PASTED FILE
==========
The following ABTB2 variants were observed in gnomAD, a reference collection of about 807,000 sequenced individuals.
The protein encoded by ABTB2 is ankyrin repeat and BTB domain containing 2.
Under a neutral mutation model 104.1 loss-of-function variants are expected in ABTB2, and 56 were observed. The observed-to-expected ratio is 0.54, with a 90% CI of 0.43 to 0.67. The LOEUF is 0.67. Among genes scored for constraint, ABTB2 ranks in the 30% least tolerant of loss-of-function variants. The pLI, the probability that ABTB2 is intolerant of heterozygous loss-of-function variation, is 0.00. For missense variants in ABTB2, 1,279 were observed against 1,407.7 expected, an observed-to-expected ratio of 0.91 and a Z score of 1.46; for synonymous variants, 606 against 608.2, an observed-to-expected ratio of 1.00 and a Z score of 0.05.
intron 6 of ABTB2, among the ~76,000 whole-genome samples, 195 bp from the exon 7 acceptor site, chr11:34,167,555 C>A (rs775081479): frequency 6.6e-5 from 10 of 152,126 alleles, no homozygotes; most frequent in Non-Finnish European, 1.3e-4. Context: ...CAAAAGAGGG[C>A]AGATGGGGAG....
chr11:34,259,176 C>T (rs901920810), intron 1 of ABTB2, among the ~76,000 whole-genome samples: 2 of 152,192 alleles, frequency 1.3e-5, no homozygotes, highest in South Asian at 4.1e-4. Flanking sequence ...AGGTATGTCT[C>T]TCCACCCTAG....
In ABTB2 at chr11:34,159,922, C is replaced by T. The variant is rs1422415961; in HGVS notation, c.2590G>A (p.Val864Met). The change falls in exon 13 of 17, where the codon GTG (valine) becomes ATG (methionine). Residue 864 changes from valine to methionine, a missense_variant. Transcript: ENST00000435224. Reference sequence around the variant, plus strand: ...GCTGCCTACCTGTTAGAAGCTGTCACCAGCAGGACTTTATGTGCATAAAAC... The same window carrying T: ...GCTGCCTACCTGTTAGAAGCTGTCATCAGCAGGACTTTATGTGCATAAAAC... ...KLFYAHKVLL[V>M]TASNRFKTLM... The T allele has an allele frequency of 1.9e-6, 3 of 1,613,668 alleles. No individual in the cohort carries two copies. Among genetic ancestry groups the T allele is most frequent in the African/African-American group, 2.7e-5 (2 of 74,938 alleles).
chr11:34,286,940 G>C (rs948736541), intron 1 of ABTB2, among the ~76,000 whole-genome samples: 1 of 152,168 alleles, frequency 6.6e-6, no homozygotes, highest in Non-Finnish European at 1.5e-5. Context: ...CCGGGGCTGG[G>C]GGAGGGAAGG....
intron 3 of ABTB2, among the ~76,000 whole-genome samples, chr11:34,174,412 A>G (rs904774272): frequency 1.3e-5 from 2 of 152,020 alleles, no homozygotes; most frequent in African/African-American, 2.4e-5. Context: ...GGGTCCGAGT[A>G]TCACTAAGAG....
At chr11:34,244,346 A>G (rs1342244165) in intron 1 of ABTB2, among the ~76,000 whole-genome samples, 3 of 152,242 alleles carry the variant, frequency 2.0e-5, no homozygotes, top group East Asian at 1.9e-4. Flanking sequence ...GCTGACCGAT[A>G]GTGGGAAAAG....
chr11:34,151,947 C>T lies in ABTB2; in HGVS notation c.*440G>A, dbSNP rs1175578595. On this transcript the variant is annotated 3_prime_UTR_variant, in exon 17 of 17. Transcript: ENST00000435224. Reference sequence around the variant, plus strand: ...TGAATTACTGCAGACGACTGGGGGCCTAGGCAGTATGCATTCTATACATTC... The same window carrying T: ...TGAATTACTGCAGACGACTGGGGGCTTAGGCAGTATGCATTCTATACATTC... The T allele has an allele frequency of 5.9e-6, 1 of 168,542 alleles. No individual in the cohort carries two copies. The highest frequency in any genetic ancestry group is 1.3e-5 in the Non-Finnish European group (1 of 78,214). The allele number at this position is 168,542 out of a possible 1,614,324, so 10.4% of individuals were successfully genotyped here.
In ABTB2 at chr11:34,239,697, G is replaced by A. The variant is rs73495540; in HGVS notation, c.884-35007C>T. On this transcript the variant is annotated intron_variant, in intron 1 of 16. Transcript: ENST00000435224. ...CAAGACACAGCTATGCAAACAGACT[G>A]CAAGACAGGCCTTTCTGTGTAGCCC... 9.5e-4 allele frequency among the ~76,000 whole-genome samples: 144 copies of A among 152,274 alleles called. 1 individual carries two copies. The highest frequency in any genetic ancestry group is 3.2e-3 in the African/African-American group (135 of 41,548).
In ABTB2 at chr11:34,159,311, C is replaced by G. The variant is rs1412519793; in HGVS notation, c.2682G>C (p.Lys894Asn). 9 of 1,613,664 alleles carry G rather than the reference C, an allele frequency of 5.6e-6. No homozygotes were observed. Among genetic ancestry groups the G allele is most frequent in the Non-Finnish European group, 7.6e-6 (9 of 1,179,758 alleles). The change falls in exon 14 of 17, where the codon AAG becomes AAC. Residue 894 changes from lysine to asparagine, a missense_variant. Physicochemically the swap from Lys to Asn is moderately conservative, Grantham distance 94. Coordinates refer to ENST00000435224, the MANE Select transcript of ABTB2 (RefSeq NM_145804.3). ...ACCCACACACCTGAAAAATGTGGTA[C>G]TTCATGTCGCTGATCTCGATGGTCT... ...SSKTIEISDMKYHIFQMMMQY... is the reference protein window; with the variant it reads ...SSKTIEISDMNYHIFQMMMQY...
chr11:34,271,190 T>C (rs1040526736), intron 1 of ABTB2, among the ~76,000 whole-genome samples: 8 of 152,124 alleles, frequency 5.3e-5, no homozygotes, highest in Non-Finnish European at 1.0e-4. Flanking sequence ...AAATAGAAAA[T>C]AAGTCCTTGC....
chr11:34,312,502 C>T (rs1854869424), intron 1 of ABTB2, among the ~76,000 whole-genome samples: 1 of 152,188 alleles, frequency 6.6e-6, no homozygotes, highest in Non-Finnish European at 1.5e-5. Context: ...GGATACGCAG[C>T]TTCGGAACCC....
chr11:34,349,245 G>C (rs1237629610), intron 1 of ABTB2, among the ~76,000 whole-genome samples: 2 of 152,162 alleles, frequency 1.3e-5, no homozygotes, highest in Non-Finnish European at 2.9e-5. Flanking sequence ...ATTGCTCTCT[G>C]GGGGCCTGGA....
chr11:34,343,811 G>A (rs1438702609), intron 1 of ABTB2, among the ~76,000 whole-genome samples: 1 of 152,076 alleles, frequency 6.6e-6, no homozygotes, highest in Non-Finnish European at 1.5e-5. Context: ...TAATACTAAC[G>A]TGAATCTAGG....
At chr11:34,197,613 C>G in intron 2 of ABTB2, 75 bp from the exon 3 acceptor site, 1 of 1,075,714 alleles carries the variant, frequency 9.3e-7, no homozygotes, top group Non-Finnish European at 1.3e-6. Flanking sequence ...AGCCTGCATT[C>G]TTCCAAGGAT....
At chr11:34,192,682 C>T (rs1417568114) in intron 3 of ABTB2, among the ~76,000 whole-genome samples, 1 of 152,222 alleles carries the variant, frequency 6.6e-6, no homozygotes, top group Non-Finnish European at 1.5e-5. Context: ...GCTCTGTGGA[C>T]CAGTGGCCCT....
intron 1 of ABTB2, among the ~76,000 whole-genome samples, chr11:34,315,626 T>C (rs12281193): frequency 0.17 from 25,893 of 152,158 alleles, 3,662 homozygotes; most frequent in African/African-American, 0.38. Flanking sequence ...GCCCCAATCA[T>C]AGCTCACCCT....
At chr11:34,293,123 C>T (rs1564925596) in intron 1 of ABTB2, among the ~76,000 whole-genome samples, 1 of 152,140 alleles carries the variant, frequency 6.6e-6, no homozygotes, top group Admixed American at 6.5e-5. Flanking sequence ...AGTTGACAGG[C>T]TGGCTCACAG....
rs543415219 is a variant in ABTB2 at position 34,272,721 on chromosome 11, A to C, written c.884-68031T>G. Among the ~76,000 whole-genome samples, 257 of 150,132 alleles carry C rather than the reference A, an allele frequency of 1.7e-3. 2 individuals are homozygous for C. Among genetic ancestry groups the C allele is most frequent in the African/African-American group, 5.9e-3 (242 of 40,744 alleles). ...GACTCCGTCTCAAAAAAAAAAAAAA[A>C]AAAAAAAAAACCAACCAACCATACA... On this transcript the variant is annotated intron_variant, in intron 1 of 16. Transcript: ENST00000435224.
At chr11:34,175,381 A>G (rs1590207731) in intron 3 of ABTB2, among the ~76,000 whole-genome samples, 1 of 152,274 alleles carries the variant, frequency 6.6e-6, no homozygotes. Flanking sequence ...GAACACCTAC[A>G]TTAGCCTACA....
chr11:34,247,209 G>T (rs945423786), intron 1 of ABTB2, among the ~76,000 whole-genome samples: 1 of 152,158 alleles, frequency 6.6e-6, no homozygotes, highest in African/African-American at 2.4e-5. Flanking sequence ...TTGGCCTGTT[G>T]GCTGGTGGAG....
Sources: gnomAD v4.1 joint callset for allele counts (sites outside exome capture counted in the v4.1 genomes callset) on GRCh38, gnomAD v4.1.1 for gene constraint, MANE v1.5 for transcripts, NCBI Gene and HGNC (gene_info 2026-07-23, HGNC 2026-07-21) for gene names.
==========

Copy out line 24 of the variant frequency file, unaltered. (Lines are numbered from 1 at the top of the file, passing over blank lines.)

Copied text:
Sources: gnomAD v4.1 joint callset for allele counts (sites outside exome capture counted in the v4.1 genomes callset) on GRCh38, gnomAD v4.1.1 for gene constraint, MANE v1.5 for transcripts, NCBI Gene and HGNC (gene_info 2026-07-23, HGNC 2026-07-21) for gene names.